• 2013 — The Borg System becomes Omega, a flexible and scalable cluster management system.
  • 2014 — Google introduces the world to Kubernetes.
  • 2015 — Google partners with the Linux Foundation to create the Cloud Native Computing Foundation (CNCF) and releases Kube v.1.0.
  • 2015: GKE was released
  • 2016 — Many significant events catapult Kubernetes into the mainstream, like CloudNativeCon, Kubecon 2016, and the release of Helm.
  • 2017 — Here, we start to see enterprise-level solutions based on Kubernetes. Big names like Oracle jumped on board, and even Docker finally fully embraced Kubernetes.
  • 2018 — We start to see more and more businesses and developers adopting Kubernetes. Database providers, like Amazon Web Services and Azure, start implementing Kubernetes services. 
  • 2019 to present — In 2020, VMware found that, of 247 qualified organizations with over 1,000 employees, 59% already had Kubernetes clusters in production environments. With more development and advancements, that number will only grow.

What are some common Kubernetes terms?

Now that we’ve got some Kubernetes history under our belts, let’s take a look at some Kubernetes terminology you may come across. It’s worth noting that we’ll only scratch the surface in terms of what’s what in the world of Kubernetes. If you want to learn more, we’ve got you covered in our blog post all about understanding common Kubernetes terms

To get you started on the right foot, let’s explore some basic terms you may run into and what they mean.

Basic Kubernetes architecture terminology

Self-managing Kubernetes clusters can get confusing pretty quickly. Having a firm grasp of some commonly used terms can give you a leg up when it comes time to talk Kubernetes with your team.

Even experts in the field have difficulty answering the question, “What is Kubernetes?” These terms certainly won’t make you an expert, but they will give you a better idea of what the container orchestration platform is all about.

Let's start with some basics...

  • Container — A foundational component of Kubernetes. A container is essentially a stripped down software application.
  • Pod — A pod is a set of running containers. Typically, pods run as a single primary container, but not always. They are the simplest of all the Kubernetes components.
  • Controller — Deployment, daemonset, statefulset, cronjob, etc...
  • Node — A node is a worker machine in Kubernetes. Pods run on nodes, and each node contains other components like the Kubelet, Kube-proxy, and container runtime.
  • Cluster — A cluster is a group of nodes. The cluster, and all the nodes and containers wrapped inside, are what a Kubernetes system manages.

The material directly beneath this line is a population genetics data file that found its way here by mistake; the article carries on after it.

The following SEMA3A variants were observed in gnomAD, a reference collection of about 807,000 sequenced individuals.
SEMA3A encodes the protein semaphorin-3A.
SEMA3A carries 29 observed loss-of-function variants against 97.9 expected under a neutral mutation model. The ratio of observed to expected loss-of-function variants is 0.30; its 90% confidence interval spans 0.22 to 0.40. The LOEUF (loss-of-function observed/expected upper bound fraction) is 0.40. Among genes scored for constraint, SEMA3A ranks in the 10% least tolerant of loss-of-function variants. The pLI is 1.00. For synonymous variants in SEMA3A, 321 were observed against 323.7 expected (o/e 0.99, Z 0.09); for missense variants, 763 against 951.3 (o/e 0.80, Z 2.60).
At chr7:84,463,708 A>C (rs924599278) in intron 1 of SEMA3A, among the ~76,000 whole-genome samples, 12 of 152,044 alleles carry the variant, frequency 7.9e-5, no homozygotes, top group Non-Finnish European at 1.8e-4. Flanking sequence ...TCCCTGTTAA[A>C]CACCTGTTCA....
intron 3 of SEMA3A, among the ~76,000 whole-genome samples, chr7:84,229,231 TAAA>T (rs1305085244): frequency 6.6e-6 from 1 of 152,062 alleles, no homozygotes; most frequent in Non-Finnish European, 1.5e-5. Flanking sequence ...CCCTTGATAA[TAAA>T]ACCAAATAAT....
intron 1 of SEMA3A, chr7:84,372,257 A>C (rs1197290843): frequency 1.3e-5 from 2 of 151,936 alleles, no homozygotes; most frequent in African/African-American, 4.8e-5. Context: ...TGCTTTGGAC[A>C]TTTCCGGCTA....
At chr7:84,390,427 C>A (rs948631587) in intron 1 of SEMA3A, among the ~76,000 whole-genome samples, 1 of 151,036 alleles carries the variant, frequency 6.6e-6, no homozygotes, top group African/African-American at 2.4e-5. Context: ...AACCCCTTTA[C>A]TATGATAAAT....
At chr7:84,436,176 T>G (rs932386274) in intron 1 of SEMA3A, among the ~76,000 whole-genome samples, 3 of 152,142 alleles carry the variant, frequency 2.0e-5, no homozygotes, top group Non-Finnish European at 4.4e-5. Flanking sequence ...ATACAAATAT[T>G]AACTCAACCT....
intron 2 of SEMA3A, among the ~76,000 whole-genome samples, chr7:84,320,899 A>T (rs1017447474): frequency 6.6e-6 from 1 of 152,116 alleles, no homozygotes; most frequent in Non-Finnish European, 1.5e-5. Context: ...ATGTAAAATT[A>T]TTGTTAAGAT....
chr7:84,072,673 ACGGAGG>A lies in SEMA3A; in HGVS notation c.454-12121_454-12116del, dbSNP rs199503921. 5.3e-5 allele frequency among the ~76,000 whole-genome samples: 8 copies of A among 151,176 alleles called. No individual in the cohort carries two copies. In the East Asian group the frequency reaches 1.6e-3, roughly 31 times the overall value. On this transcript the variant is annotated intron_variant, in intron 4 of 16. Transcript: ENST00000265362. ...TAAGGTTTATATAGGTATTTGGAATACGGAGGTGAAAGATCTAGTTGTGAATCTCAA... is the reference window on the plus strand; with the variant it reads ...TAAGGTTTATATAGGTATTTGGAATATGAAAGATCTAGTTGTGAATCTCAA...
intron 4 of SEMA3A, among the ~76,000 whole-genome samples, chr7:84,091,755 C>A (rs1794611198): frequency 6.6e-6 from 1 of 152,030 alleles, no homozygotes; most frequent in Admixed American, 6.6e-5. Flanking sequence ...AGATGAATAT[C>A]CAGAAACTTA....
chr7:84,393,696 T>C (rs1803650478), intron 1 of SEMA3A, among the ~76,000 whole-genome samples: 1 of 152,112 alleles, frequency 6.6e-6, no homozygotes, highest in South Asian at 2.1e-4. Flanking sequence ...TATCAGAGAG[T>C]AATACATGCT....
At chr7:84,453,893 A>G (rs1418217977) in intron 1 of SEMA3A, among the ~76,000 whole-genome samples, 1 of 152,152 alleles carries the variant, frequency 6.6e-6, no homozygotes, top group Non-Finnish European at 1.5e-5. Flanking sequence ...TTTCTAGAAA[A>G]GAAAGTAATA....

Now, you can dig deeper into the Kubernetes world and come across a whole boatload of different terminology. But to get a rough idea of what Kubernetes is and how it works, the above terminology should suffice. If you need a bit more, explore the basic components of Kubernetes architecture and our glossary of Kubernetes terminology

Kubernetes in practice: What does it look like?

By this point, we hope you have a good idea of what Kubernetes is and some basic understanding of the common terminology. Of course, we’re just scratching the surface. This evolving tech leviathan is not easy to master, but it can provide your business with the kind of development and deployment environment you need to grow.

With all this talk about the basics, you may be wondering what Kubernetes looks like in practice. Let’s explore some Kubernetes success stories and hopefully answer the question, “Why is Kubernetes used?”

What a Kubernetes application might look like

Like most things in life, you’ll find two sides to this story. You’ve got the user experiences on one page and, on the other, what Kubernetes looks like from a developer’s perspective. Before we jump into all that, let’s get ahead of the game by making an important point.

Kubernetes cloud-native applications are meant to simplify the development and deployment process. While complicated in practice, at its core, Kubernetes is a simple idea. From a developer’s standpoint, creating an application to run in a Kubernetes production environment isn’t all that different from any other application. Developers create a hunk of code and commit it to a repository. Where things get complicated is the implementation of that application — and that’s what Kubernetes is managing.

Where you can find Kubernetes use cases

While you can find plenty of Kubernetes success stories from Spotify to DirecTV, some truly remarkable examples stand out. Sure, Kubernetes seems at home at big tech firms looking to upgrade their application infrastructure. Still, some companies are looking to shift how we approach more traditional business models like food service.

Chick-fil-A might be known for its overwhelming success and tasty chicken sandwiches, but behind the scenes is our old friend Kubernetes. Every time you go to order lunch, you’ll see a screen that runs a containerized application working in a Kubernetes cluster. That menu does more than just display your food options; it also connects to other elements of the fast-food supply chain.